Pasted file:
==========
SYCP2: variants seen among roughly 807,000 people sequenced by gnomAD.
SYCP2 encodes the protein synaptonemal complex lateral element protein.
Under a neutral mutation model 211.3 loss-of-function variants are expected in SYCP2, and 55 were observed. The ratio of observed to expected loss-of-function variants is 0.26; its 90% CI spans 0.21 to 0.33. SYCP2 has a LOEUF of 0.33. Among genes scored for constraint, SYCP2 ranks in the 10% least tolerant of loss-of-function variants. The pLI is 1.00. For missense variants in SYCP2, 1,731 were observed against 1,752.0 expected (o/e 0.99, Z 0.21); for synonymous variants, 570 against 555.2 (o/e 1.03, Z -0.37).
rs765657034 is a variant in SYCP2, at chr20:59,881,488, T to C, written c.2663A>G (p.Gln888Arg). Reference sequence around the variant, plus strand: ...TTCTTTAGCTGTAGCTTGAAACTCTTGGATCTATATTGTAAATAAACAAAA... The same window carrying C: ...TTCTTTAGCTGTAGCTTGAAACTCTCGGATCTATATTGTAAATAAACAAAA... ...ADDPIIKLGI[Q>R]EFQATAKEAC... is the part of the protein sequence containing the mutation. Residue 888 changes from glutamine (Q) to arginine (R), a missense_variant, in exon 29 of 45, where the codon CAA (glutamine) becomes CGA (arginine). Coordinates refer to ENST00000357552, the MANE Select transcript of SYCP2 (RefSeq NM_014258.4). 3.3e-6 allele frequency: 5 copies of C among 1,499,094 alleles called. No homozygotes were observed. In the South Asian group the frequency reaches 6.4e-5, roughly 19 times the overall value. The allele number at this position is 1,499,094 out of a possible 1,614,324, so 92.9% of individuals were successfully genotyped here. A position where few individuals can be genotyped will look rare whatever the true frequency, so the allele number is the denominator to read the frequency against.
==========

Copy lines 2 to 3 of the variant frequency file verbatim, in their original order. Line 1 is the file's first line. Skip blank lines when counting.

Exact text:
SYCP2 encodes the protein synaptonemal complex lateral element protein.
Under a neutral mutation model 211.3 loss-of-function variants are expected in SYCP2, and 55 were observed. The ratio of observed to expected loss-of-function variants is 0.26; its 90% CI spans 0.21 to 0.33. SYCP2 has a LOEUF of 0.33. Among genes scored for constraint, SYCP2 ranks in the 10% least tolerant of loss-of-function variants. The pLI is 1.00. For missense variants in SYCP2, 1,731 were observed against 1,752.0 expected (o/e 0.99, Z 0.21); for synonymous variants, 570 against 555.2 (o/e 1.03, Z -0.37).